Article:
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Book Two: The Revelation

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Beginning through Anatole's Visit


Orleanna Price

Orleanna describes her own life in the Congo, the struggle just to keep her husband and children alive. With Mama Tataba gone, she tells us, she found it almost impossible to keep things going. Water alone required a mile and a half hike, and then had to be boiled for twenty minutes to kill all the microbes. While the natives satisfied themselves on the tremendous tubers called "manioc," her family required a minor nutritional miracle three times a day—the sort of meal that their neighbors might indulge in once or twice a year. Even their own supplies, sent from the Mission League, were difficult to acquire, since they were flown in by Eeben Axelroot who demanded bribes for every delivery. She dreamed every night about her children's deaths.

Nathan was entirely unmoved by his wife's fears and travails. Though Orleanna quickly realized that the Congolese viewed her family as a pack of bunglers and trespassers, Nathan clung tenaciously to the illusion that he was a force of good and authority. He refused to bend his will, or adapt in any way, claiming that he was being tested by God just as Job had been tested. He even denied Chief Ndu's request to give up the idea of baptism, and alienated the chief entirely on his unwavering stance on monogamy.


After spending the first few weeks settling in, the Prices now fall into a set daily routine. Nathan wanders through the village trying to engage the men in conversation, or else makes the trip to the surrounding villages to see what religious state these places are in. Orleanna forces the girls to work at their schoolbooks most of the day, but in the afternoon they have a few hours to run free. The girls use old nature books left behind by Brother Fowles to teach themselves the native names for the flora and fauna surrounding them. Sometimes Leah and Adah go and spy on Eeben Axelroot. They learn that he has a radio.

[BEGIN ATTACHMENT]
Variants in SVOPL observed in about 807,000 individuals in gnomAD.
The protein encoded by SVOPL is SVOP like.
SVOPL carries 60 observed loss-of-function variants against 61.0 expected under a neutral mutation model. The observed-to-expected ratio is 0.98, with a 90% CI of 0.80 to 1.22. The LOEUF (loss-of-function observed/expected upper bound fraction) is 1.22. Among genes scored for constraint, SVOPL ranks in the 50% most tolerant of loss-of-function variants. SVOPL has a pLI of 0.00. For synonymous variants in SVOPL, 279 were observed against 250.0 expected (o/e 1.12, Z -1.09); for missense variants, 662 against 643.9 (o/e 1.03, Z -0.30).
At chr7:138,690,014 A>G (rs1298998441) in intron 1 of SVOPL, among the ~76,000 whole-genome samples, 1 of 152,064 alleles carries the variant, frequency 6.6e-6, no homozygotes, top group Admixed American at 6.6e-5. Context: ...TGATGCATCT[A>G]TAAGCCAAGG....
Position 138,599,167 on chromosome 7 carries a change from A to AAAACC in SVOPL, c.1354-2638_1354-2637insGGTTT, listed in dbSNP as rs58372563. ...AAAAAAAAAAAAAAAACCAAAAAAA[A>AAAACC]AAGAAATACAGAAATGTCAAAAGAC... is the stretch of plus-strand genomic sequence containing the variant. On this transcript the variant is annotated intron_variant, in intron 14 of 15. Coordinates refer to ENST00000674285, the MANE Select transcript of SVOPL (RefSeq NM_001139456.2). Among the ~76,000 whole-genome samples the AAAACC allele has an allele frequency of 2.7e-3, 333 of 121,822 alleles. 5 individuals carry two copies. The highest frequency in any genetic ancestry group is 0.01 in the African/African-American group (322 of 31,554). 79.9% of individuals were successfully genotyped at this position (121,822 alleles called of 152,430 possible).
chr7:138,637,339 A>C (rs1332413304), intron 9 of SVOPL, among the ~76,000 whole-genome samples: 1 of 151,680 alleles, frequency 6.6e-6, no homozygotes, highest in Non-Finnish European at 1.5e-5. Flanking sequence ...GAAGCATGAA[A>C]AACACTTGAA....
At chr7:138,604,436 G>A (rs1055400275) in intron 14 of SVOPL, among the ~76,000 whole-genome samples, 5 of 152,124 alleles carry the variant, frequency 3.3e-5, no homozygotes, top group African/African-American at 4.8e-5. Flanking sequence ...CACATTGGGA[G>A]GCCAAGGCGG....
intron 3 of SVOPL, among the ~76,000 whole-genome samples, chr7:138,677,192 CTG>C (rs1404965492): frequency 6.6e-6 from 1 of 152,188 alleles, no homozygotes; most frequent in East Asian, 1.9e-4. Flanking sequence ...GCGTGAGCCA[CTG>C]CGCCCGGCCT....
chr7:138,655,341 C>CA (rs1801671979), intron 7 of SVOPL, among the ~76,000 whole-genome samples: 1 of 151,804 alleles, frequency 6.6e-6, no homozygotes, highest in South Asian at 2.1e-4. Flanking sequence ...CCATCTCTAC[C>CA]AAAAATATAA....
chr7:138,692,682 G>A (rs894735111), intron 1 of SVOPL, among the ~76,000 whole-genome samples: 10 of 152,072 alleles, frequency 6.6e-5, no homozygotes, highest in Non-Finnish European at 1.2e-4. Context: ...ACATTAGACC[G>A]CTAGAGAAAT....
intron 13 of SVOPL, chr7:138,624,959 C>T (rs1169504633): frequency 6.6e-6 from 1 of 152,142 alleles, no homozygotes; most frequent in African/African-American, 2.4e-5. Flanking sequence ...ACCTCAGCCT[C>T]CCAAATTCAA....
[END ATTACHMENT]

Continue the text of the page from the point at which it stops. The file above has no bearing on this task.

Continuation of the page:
Ruth May is the first to make real contact with the local children, organizing a large game of "Mother May I" in the Price's front yard. All the sisters join in the game, relieved to have something new to do and someone new to do it with. The village children continue to gather for the game for several afternoons, but then drift off. One boy remains, however, and this eight year old child, Pascal becomes Leah's friend.

Ruth May

Ruth May breaks her arm while spying on the local anti-Belgian forces that are gathering. Eeben Axelroot flies Ruth May and her father to Stanleyville, where they visit a doctor. In the airplane, Ruth May notices that Axelroot has a bag full of diamonds, but he threatens her mother's life if she reveals this secret to anyone.

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Corrections and Ideas

by GrammarJunkie18, July 11, 2013

Corrections: There are several mistakes in this article, from plot-related to grammatical. The ones I can think of off the top of my head are: a) Adah's right side, not her left, is crippled, b) the author used "effect" as a verb, and c) it's wringing, not ringing, near the end. Someone should probably look over this sometime. Also, the article presents Nathan Price as a completely flat character; however, he has his moments of uncertainty (for example, when he reshapes his garden into mounds, or when he reacts to the news of the little girl... Read more


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by coolshava, November 19, 2014

I feel that Nathan is not shown as a real protagonist. He isn't even a main character, as the book isn't about his actions, but how the females in his family respond to his actions. He would be more considered an antagonist, if he were more central.


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Ruth May

by frmgro615, May 13, 2015

Maybe I'm missing it, but I don't see any analysis about Ruth May...

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